Sue Lyons

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Carnegie was an unusual rich guy.  For example, he was a fan of progressive taxation. I did not know about his interest in Filipino independence.  Thank you for that!  Carnegie's philanthropy was driven by his personal passions.  He not only loved libraries, he was a really big fan of pipe organs, paying for 7500 of them, mostly in churches. One can argue philanthropists should take a more rational and dispassionate approach, but the reality is that that fund things they like and understand.

The interests of billionaires don't always mesh well with the needs of the world but they can move quickly, and that can be important in developing solutions, especially in public health.  I have really mixed feelings about the Gates Foundation's response to the Covid pandemic.  All and all, I guess I am glad they made the investments they did, but the power they hold in the field of public health is concerning.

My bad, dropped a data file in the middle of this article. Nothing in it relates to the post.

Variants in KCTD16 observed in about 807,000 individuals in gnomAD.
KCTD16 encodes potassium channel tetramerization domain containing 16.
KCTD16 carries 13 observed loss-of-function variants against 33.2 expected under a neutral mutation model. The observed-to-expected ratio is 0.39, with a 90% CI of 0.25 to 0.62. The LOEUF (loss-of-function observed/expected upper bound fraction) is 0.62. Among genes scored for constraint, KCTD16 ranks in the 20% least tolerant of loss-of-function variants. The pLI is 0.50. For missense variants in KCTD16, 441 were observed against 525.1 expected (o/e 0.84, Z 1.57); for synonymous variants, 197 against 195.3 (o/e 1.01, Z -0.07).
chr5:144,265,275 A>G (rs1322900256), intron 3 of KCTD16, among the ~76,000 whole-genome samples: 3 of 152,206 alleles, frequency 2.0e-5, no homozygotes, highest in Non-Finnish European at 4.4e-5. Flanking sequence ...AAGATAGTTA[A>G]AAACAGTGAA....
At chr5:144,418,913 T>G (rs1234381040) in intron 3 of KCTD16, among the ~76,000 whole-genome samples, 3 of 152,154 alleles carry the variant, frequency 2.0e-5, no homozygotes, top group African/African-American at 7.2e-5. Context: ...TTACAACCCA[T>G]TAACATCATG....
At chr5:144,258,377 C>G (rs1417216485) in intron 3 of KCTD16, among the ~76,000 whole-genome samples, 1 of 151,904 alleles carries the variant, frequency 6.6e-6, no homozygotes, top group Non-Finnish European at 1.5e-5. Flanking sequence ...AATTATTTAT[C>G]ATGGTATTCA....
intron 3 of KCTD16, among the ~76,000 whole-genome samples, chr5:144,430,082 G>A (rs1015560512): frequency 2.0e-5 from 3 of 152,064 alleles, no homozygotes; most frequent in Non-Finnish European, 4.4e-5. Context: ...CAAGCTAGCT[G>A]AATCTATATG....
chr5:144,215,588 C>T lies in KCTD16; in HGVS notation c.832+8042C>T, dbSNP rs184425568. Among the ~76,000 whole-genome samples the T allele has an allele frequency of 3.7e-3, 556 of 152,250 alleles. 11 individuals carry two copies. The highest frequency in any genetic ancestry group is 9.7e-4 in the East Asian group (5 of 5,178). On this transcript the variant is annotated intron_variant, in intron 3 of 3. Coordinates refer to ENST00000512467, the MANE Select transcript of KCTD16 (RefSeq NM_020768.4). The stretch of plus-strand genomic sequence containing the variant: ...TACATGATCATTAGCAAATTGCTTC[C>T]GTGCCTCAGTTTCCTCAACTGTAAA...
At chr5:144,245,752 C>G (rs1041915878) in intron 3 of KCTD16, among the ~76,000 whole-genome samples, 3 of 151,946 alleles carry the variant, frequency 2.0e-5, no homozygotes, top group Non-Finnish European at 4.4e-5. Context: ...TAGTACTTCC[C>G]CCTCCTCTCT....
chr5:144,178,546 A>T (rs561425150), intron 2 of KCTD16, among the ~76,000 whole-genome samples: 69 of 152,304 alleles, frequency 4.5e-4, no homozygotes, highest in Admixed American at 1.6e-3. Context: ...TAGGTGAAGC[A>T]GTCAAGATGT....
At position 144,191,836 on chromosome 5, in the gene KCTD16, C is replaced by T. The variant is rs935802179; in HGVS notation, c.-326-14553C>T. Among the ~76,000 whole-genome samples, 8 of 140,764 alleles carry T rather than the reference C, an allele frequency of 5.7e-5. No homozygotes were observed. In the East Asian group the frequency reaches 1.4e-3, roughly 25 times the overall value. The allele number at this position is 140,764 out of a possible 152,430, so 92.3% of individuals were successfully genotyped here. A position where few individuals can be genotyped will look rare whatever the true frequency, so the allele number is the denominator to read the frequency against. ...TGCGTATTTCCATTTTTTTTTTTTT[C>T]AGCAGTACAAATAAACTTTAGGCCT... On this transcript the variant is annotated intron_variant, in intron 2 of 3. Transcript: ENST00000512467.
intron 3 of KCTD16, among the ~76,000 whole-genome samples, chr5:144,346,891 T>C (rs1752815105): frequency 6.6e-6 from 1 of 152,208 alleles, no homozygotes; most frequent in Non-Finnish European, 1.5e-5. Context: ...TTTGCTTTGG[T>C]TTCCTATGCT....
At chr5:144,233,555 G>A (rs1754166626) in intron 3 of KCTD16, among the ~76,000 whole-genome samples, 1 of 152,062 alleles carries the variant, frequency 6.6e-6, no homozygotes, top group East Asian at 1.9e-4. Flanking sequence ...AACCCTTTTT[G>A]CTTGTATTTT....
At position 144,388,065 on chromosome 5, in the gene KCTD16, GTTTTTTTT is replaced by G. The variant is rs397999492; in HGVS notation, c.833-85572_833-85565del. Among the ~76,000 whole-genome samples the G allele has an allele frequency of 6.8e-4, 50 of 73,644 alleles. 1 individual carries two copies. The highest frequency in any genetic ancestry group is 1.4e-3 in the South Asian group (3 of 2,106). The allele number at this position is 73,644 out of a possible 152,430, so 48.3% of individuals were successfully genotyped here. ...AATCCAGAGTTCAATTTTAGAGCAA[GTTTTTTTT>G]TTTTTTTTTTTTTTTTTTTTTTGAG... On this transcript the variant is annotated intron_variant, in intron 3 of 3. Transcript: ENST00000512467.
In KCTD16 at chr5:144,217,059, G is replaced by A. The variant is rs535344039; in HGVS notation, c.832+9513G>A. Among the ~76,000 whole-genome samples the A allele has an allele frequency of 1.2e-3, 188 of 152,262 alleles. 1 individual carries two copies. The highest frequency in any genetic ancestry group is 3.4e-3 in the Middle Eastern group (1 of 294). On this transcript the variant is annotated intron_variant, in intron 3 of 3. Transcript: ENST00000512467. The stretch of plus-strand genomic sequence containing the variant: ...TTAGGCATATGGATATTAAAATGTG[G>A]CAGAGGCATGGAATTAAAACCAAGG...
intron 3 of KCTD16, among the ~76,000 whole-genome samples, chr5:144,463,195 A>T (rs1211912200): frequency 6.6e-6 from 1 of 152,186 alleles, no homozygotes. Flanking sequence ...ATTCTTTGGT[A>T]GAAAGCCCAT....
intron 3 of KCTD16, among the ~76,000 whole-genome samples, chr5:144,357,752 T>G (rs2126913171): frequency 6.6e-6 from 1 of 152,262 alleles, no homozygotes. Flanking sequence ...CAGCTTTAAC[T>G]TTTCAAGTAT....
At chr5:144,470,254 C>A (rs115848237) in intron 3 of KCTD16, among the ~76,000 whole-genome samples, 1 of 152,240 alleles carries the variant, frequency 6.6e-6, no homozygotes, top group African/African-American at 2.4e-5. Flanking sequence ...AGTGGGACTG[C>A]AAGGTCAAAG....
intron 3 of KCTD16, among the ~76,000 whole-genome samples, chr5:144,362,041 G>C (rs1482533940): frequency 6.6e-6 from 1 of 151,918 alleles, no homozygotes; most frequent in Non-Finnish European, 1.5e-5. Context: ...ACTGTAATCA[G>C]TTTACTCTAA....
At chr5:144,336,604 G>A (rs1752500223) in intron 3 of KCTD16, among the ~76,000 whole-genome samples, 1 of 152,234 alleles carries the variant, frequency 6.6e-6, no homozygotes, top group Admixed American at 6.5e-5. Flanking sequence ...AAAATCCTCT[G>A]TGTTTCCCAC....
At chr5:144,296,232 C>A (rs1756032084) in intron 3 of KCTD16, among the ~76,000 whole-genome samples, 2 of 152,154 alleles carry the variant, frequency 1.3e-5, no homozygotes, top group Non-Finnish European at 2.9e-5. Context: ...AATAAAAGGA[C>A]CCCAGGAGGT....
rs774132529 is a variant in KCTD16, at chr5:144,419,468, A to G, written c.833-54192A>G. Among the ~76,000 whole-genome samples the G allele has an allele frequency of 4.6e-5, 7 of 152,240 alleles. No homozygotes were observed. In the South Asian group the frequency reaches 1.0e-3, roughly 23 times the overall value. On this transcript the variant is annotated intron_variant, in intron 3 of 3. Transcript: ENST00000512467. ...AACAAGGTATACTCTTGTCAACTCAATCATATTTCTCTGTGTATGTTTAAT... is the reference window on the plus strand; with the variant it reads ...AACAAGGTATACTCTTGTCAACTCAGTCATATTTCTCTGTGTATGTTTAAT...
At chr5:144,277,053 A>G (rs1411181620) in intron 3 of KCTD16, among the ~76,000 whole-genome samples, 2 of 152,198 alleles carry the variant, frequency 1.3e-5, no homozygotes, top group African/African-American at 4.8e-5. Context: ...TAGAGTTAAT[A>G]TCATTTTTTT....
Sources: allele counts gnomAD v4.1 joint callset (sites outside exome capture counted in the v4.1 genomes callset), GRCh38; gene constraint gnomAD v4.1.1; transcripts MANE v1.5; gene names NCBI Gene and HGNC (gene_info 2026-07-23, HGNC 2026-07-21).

I think it is worthwhile to examine past examples of what in retrospect might be considered EA, to learn from both the successes and failures.  Ralph Nader is a good example of advocacy work that can reduce harm.  Beyond car safety, Public Citizen did a lot of work advocation for safety in the field of pharmaceuticals and medical devices.